The Economic Crisis and Medical Care Use: Comparative Evidence from Five High-Income Countries

Global Financial Literacy Excellence Center Working Paper No. 2015-3

17 Pages Posted: 27 Mar 2015

See all articles by Annamaria Lusardi

Annamaria Lusardi

George Washington University - Department of Accountancy; National Bureau of Economic Research (NBER)

Daniel Schneider

University of California, Berkeley - Department of Sociology

Peter Tufano

University of Oxford - Said Business School; National Bureau of Economic Research (NBER); University of Oxford - Said Business School

Date Written: January 15, 2015

Abstract

We examine how the economic crisis has affected individuals’ use of routine medical care and assess the extent to which the impact varies depending on national context. Data from a new cross-national survey fielded in the United States, Great Britain, Canada, France, and Germany are used to estimate the effects of employment and wealth shocks and financial fragility on the use of routine care. We document reductions in individuals’ use of routine non-emergency medical care in the midst of the economic crisis. Americans reduced care more than individuals in Great Britain, Canada, France, and Germany. At the national level, reductions in care are related to the degree to which individuals must pay for it, and within countries, reductions are linked to shocks to wealth and employment and to financial fragility. The economic crisis has led to reductions in the use of routine medical care and systems of national insurance provide some protection against these effects.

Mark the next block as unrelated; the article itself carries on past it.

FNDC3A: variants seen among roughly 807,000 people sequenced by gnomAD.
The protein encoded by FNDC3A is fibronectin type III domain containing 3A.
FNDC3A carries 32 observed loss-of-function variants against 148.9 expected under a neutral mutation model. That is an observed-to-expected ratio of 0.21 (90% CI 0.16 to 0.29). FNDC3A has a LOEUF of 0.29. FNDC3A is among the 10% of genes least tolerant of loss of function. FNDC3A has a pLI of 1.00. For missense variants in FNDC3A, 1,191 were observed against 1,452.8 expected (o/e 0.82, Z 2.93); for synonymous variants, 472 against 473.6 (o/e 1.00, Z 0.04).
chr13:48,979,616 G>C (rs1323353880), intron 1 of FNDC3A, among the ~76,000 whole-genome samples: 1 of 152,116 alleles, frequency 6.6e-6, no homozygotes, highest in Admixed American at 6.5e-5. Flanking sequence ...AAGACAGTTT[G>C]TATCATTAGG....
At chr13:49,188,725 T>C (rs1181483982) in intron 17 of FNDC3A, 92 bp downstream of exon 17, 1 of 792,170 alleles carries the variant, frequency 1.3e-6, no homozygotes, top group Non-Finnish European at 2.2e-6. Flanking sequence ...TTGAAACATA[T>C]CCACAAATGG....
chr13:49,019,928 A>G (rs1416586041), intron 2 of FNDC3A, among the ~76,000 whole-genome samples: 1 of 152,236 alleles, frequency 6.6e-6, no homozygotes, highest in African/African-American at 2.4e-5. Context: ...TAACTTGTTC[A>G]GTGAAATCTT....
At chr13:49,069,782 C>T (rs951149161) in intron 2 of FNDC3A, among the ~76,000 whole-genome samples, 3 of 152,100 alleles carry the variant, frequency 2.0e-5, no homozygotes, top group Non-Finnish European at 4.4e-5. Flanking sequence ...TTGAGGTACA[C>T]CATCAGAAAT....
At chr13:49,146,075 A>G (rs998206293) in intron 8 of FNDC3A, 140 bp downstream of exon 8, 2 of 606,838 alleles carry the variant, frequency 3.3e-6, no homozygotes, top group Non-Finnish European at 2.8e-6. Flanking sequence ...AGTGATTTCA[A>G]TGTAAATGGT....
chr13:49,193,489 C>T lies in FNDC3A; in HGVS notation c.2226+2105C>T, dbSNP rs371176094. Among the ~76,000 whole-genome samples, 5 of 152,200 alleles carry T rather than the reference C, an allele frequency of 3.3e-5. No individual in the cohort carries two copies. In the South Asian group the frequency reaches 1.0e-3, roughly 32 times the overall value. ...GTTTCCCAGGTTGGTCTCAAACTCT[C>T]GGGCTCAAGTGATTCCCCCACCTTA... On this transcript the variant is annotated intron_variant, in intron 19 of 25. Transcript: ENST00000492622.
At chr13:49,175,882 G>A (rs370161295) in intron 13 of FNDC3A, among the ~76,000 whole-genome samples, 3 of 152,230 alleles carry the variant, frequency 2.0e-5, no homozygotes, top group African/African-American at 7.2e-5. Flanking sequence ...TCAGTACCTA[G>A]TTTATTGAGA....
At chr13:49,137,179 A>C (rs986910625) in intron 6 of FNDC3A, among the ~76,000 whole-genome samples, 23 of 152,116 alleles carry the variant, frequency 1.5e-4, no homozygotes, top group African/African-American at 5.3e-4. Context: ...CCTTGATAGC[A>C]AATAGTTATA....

Keywords: wealth losses, unemployment, routine medical care

JEL Classification: G01

Suggested Citation

Lusardi, Annamaria and Schneider, Daniel and Tufano, Peter, The Economic Crisis and Medical Care Use: Comparative Evidence from Five High-Income Countries (January 15, 2015). Global Financial Literacy Excellence Center Working Paper No. 2015-3. Available at SSRN: https://ssrn.com/abstract=2585244 or http://dx.doi.org/10.2139/ssrn.2585244

Annamaria Lusardi (Contact Author)

George Washington University - Department of Accountancy ( email )

George Washington University School of Business
Washington, DC 20052
United States

HOME PAGE: http://business.gwu.edu/profiles/annamaria-lusardi/

National Bureau of Economic Research (NBER)

1050 Massachusetts Avenue
Cambridge, MA 02138
United States

Daniel Schneider

University of California, Berkeley - Department of Sociology ( email )

410 Barrows Hall
Berkeley, CA 94720
United States

Peter Tufano

University of Oxford - Said Business School ( email )

Park End Street
Oxford, OX1 1HP
Great Britain
+44 (0) 1865 288551 (Phone)

National Bureau of Economic Research (NBER)

1050 Massachusetts Avenue
Cambridge, MA 02138
United States

University of Oxford - Said Business School ( email )

Park End Street
Oxford, OX1 1HP
Great Britain
+44 (0) 1865 288551 (Phone)

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